December 16, 2015

Kiki's Delivery Service (2014)

Mention Kiki's Delivery Service and the mind turns understandably to Hayao Miyazaki's delightful 1989 animated film. What many Studio Ghibli fans might not realise, however, is that Miyazaki's film was an adaptation of a hugely successful children's novel: Witch's Express Home Delivery, by Eiko Kadono. That book, which was published in 1985, was ultimately popular enough for Kadono to write four sequels - the most recent in 2009.

Given the overwhelming prominence of Miyazaki's animated adaptation on Japan's pop culture landscape, it actually seems quite a provocative move by Kadokawa Films to produce a new live-action film. It's immediately going to suffer comparisons with the earlier movie, and given the extraordinary quality of that earlier work it's a contest that the new film is going to lose.

In some respects that's a shame, because this new Kiki's Delivery Service is a breezy, broadly entertaining children's fantasy with a lot to recommend. It's not perfect, but it does deserve a better chance than a lot of online critics appear to be giving it.

Kiki's Delivery Service follows the adventures of a 13 year-old witch-in-training named Kiki, who as part of her apprenticeship must spend a year on her own in a town with no other witches. She chooses to work as a delivery service, using her flying broomstick to travel quickly across a small chain of islands. While trying to settle in, she faces unexpected difficulties and local prejudice against witchcraft.

The film is directed by Takashi Shimizu, a quite strikingly odd choice given his long successful career as a director of horror films. He remains best known for kicking off the lucrative Ju-on/Grudge franchise, including directing both the original theatrical film and its American remake. He's working with a considerably different tone and colour palette here. It's no surprise to find this is the most colourful and upbeat film he's ever directed. He now joins a growing number of Japanese directors demonstrating an ability to direct for an extraordinarily wide range of films and genres. With all due respect he's not quite there - there's a slightly awkward quality to the film that he never fully shakes off - but for a change in style and tone it's a pretty impressive achievement.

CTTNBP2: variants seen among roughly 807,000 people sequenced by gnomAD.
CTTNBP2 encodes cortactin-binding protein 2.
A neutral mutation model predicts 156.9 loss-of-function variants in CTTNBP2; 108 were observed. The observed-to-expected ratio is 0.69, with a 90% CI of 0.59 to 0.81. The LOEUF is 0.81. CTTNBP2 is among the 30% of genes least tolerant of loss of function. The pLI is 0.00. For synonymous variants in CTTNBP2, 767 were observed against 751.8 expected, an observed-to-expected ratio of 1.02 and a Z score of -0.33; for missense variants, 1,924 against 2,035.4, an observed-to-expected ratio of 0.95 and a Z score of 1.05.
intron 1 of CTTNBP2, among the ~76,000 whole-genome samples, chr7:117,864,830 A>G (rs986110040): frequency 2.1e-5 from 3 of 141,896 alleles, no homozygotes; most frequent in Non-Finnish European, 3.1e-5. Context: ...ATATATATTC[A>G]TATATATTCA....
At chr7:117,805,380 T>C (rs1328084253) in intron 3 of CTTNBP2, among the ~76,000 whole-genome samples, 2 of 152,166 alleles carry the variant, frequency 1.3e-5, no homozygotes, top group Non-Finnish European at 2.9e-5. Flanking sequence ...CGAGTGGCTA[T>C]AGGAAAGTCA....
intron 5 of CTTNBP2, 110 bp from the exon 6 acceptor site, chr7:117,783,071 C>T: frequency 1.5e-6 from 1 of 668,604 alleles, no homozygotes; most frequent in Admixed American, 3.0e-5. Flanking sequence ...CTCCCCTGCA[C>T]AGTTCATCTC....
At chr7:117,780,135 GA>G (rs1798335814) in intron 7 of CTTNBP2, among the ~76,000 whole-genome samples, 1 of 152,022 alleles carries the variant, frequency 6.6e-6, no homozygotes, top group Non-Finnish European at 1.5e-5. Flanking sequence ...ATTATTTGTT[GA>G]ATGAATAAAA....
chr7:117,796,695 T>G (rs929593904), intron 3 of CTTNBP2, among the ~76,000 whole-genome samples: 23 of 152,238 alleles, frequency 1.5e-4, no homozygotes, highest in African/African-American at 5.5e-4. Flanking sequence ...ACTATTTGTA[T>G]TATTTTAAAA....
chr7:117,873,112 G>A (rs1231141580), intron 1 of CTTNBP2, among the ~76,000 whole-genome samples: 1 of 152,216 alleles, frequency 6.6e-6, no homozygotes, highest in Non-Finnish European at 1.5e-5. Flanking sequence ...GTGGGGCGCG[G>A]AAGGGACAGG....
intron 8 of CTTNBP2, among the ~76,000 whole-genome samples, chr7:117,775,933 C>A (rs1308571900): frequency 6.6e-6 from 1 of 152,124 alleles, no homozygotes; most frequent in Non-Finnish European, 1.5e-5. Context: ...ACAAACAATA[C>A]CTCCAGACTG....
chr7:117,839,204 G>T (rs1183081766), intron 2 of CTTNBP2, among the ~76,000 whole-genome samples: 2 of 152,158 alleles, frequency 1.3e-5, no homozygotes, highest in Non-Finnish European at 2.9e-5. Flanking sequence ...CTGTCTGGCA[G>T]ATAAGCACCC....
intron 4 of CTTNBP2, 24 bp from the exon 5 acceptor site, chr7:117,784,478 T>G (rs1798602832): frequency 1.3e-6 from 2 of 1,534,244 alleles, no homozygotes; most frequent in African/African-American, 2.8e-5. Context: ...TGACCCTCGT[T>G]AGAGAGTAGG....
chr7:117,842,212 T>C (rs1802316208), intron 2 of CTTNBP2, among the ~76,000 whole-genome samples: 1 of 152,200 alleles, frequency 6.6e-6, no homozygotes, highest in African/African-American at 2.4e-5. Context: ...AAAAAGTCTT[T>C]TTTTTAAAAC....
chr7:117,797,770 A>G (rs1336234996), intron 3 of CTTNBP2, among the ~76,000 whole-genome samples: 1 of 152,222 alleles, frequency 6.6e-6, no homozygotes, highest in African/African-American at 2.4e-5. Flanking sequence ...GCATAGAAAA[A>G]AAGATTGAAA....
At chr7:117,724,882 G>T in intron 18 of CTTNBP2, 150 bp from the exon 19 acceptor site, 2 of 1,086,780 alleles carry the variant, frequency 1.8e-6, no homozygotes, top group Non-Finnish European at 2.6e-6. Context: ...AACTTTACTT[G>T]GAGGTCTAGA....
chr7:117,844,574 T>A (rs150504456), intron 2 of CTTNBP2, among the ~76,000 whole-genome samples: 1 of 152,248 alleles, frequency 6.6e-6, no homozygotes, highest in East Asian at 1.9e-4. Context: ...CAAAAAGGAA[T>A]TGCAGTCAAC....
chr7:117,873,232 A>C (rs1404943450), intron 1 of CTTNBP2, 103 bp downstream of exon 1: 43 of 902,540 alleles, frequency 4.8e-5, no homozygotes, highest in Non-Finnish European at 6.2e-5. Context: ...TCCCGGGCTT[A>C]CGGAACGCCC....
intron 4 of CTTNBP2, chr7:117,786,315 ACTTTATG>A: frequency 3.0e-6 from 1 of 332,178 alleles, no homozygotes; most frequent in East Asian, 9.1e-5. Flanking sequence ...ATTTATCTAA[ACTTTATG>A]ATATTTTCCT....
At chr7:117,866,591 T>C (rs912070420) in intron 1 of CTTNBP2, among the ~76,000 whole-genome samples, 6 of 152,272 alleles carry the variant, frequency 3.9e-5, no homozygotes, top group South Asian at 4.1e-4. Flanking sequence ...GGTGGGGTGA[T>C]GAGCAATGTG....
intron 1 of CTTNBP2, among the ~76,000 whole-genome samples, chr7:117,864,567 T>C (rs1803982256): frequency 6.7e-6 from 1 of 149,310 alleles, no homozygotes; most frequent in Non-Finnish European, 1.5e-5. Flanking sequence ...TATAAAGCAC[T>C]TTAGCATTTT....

Fuka Koshiba makes a bright and likeable impact as Kiki, although she does seem a little too old to be playing the 13 year-old witch-in-training. It's a broad performance in a film filled with similarly big, exaggerated ones, and in the context of the film it works remarkably well. This is her feature film debut, which makes her performance here even more impressive. Slightly less impressive is Ryohei Hirota as Tombo, a young mechanic with an aspiration to build his own aeroplane. He's oddly surly and occasionally actively belligerent, but this does seem to be more a problem with the screenplay than with the actor. There is a nice chemistry between the two characters by the end, but it's a long time coming and would have benefitted from being pulled together a little earlier.

The storyline is an episodic affair, which matches its source material: Shimizu and Satoko Okudera's screenplay draws from the first two of Kadono's novel, leading to a slightly silly climax involving transporting a sick baby hippopotamus by broomstick. It hits some effective emotional beats, but I strongly suspect adult and teenage audiences will find the sequence too twee to accept. Other parts of the film are much more effective.

The story also strains the production budget a little too much. Scenes of Kiki flying on her broomstick are generally effective, but occasionally look a little fake and outdated. The computer-generated effects used to create the sick hippopotamus and Kiki's talking cat Jiji are fairly awkward and unconvincing. It's in the representation of Jiji that this live-action film will suffer the worst comparisons to Miyazaki's anime. In that version the character was an absolute highlight in both the original and Walt Disney Pictures dubs. Here, voiced by anime performer Minako Kotobuki, Jiji is rather underwhelming. It also feels as if budget considerations sideline the character for much of the film.

There's a lot to criticise here, but it also can't be denied that there is a bright, optimistic energy to Kiki's Delivery Service. Fuka Koshiba drags the film along with enthusiasm and warmth. I enjoyed this film a lot, sometimes justifiably and sometimes against my better judgement. If you can move past Miyazaki's shadow, and take it on it's own merits, it's an uneven but joyful delight.

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